• N2 + 8H+ + 8e− + 16 ATP → 2NH3 + H2 + 16ADP + 16 Pi


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    Microbes Denitrification NO3- (nitrate) → NO2- → NO → N2O → N2 gas

    Nitrogen Cycle


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    Carbon Cycle

    • Moves between organisms and atmosphere as a consequence of photosynthesis and respiration.

      • In aquatic ecosystems, CO2 must first dissolve into water before being used by primary producers.

      • Although some C cycles rapidly, some remains sequestered in unavailable forms for long periods of time.


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    Carbon Cycle


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    Animals and Nutrient Cycling in Terrestrial Ecosystems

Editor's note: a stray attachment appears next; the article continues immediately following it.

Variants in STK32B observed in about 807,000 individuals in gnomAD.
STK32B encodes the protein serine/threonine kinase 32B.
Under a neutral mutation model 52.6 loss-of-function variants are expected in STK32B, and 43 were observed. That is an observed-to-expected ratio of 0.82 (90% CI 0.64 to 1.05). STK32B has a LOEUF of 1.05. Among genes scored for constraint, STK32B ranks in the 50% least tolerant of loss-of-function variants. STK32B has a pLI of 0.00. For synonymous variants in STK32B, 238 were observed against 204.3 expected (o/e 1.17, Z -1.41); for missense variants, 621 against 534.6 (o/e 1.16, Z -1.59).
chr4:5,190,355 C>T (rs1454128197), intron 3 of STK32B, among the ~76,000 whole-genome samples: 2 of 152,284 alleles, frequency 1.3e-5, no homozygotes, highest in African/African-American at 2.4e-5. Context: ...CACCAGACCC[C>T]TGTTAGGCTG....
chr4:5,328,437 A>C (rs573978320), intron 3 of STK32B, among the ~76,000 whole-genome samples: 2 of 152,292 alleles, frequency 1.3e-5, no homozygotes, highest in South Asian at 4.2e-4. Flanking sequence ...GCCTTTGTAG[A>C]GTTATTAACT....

• Huntley and Inouye found pocket gophers altered N cycle by bringing N-poor subsoil to the surface.

    • MacNaughton found a positive relationship between grazing intensity and rate of turnover in plant biomass in Serengeti Plain.

      • Without grazing, nutrient cycling occurs more slowly through decomposition and feeding of small herbivores.


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    Animals and Nutrient Cycling in Terrestrial Ecosystems


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    Plants and Ecosystem Nutrient Dynamics

    • Fynbos is a temperate shrub/woodland known for high plant diversity and low soil fertility.

      • Two species of Acacia used to stabilize shifting sand dunes.

    • Witkowski compared nutrient dynamics under canopy of native shrub and introduced acacia.

      • Amount of litter was similar, but nutrient content was significantly different.

      • Acacia - N fixer


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    Biotic communities


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    Climate and weather